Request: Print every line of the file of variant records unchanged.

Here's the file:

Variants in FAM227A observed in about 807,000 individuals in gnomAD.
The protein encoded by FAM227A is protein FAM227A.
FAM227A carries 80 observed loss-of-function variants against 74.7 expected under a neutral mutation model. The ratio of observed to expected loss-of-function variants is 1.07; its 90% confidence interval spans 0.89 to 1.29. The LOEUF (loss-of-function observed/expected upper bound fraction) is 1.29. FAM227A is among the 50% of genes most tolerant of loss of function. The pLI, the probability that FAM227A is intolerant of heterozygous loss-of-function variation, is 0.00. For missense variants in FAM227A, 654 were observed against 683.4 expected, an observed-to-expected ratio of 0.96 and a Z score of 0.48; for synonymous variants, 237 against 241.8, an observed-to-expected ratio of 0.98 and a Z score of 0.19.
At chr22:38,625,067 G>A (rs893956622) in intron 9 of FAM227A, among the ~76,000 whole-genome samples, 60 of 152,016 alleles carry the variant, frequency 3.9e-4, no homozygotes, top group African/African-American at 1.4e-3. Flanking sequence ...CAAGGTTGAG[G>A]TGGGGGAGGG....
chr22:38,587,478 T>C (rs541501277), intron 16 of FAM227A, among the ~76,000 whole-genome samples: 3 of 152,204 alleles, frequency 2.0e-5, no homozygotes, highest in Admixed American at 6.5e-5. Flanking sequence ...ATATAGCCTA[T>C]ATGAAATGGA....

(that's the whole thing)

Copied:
Variants in FAM227A observed in about 807,000 individuals in gnomAD.
The protein encoded by FAM227A is protein FAM227A.
FAM227A carries 80 observed loss-of-function variants against 74.7 expected under a neutral mutation model. The ratio of observed to expected loss-of-function variants is 1.07; its 90% confidence interval spans 0.89 to 1.29. The LOEUF (loss-of-function observed/expected upper bound fraction) is 1.29. FAM227A is among the 50% of genes most tolerant of loss of function. The pLI, the probability that FAM227A is intolerant of heterozygous loss-of-function variation, is 0.00. For missense variants in FAM227A, 654 were observed against 683.4 expected, an observed-to-expected ratio of 0.96 and a Z score of 0.48; for synonymous variants, 237 against 241.8, an observed-to-expected ratio of 0.98 and a Z score of 0.19.
At chr22:38,625,067 G>A (rs893956622) in intron 9 of FAM227A, among the ~76,000 whole-genome samples, 60 of 152,016 alleles carry the variant, frequency 3.9e-4, no homozygotes, top group African/African-American at 1.4e-3. Flanking sequence ...CAAGGTTGAG[G>A]TGGGGGAGGG....
chr22:38,587,478 T>C (rs541501277), intron 16 of FAM227A, among the ~76,000 whole-genome samples: 3 of 152,204 alleles, frequency 2.0e-5, no homozygotes, highest in Admixed American at 6.5e-5. Flanking sequence ...ATATAGCCTA[T>C]ATGAAATGGA....